While researching the new backscatter X-ray naked-body scanning machines that the federal government is placing in airports around North America, I came across a commenter on NJ.com who claims the scanners infringe on his freedom. Is he right? Are the scanners being forced on travelers against their will? Can enterprising individuals offer a competing security service? Who is paying for these $170,000 scanners, and how?
Luckily, the government agency in charge of these things (the TSA) affords us the rare privilege (at least on paper) of opting out of this government program. You can choose an aggressive rub down instead! And that’s only reasonable, if less than ideal. Airlines will either provide security or go out of business. There are concerns about the full-body scanning machines: they can damage your body with excessive and unnecessary amounts of radiation and they put your privacy at risk. So I’m comparatively quite thrilled that my family only has to be groped in order to travel on an airplane.
The real problem is that government arrogates to itself a monopoly power over passenger security screening. This kind of authority is capricious and unaccountable. It’s simply not practical. There are few strong incentives for honest and fair behavior. If consumers want to purchase their airline security in a different, perhaps more dignified package, they are forcibly denied this option. It’s a one-size-fits-all solution. It’s not like you can go to a different airport and get better treatment. The government effectively owns all the major ones!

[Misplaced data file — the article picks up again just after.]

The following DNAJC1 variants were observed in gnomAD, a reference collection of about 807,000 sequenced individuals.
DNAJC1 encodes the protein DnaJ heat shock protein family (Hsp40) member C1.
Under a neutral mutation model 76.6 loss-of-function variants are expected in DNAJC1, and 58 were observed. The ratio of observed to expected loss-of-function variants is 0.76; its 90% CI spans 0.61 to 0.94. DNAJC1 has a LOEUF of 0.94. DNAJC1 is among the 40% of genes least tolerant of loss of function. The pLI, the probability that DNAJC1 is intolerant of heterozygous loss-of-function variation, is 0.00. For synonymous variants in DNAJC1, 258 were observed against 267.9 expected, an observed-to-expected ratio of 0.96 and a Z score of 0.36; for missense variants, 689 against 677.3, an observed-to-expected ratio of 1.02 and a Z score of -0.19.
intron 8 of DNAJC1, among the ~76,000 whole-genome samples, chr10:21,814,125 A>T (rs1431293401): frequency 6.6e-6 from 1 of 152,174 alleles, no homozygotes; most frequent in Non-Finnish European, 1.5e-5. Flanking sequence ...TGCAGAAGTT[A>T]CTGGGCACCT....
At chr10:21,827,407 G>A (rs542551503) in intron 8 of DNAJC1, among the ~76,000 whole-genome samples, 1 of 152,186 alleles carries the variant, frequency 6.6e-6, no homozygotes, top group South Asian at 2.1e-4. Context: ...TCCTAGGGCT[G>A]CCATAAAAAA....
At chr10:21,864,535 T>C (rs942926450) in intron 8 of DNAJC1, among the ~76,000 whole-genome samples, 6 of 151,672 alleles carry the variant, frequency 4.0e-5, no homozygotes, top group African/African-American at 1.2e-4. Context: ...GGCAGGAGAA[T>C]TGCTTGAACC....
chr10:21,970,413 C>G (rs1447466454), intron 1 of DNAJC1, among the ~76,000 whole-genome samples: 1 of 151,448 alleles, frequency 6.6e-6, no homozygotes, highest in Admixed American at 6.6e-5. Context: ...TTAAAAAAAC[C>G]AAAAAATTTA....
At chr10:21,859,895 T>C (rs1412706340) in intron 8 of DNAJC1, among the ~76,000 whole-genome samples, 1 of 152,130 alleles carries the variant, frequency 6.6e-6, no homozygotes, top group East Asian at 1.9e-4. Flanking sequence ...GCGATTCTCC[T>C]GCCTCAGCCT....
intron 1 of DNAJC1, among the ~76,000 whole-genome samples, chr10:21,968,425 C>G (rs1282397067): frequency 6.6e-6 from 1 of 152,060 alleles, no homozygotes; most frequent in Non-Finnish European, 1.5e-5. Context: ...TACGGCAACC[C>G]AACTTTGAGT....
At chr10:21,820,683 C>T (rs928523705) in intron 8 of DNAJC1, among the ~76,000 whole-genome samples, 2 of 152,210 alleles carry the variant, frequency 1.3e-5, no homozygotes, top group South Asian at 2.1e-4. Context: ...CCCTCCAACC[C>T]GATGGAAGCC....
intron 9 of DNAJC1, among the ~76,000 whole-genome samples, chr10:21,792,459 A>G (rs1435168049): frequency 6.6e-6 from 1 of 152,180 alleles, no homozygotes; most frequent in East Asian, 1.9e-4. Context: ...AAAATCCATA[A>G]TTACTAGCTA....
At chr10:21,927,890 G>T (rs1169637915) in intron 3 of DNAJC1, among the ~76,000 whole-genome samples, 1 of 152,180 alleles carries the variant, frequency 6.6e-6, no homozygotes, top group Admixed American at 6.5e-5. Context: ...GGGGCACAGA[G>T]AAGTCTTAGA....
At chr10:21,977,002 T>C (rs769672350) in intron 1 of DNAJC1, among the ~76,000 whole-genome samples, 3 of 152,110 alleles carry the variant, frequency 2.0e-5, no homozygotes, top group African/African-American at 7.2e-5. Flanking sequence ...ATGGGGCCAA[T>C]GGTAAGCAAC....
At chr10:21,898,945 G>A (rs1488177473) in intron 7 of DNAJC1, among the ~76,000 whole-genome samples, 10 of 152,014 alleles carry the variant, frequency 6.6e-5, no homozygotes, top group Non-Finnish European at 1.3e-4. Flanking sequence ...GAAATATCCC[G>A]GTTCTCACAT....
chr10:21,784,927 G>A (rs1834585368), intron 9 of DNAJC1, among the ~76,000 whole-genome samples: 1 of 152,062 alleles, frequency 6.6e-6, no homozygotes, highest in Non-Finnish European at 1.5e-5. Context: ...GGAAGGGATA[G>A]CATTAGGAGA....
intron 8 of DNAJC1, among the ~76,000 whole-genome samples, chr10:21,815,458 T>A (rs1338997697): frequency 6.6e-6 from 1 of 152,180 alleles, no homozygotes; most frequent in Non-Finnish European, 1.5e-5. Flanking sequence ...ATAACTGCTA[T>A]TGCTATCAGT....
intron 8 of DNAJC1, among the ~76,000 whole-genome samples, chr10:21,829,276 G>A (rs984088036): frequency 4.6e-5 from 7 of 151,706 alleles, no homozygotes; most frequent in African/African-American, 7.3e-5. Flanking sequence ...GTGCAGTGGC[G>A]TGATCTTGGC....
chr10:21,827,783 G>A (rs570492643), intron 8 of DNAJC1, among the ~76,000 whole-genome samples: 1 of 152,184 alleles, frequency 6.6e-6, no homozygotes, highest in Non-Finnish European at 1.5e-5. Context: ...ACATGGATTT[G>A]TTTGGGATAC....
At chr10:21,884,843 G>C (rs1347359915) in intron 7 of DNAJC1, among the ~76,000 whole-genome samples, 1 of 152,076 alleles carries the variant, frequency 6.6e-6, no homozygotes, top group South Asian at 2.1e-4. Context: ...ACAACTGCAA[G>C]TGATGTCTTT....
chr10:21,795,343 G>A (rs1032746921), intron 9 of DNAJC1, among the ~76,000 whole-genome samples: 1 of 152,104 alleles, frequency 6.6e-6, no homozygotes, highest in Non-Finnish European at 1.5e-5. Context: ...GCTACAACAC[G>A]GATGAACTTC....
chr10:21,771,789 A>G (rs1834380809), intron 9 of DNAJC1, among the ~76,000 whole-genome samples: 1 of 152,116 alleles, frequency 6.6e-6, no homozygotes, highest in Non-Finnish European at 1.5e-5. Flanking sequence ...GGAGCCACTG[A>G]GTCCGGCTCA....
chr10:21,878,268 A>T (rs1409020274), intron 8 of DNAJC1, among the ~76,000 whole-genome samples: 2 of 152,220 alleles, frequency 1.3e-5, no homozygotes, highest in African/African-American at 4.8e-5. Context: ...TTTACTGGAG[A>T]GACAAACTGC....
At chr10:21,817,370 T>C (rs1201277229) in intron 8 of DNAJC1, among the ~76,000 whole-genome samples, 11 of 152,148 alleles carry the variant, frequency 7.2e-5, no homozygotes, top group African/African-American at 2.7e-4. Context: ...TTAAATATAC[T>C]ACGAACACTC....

Who pays for these scanners? You do – if not through income taxes then through the inflation of your federal reserve note (US dollar) holdings by the Federal Reserve. That’s right, the federal government is running enormous deficits. They fund these shortfalls with debt, much of which is invented out of thin air by the wizards at the Federal Reserve. There’s no opting out of that!
The full body scanners are an infringement of travelers’ freedom. The government forces individuals to pay for them, whether they fly or not, whether they want them or not. The government claims as its unique privilege monopoly control of passenger security screening. Competing security firms are forcibly barred from competing with the TSA. Airline security is very important, but this is no way to go about it. We need the government to back off and let airlines, airports and travelers find their own solutions, without the use of force.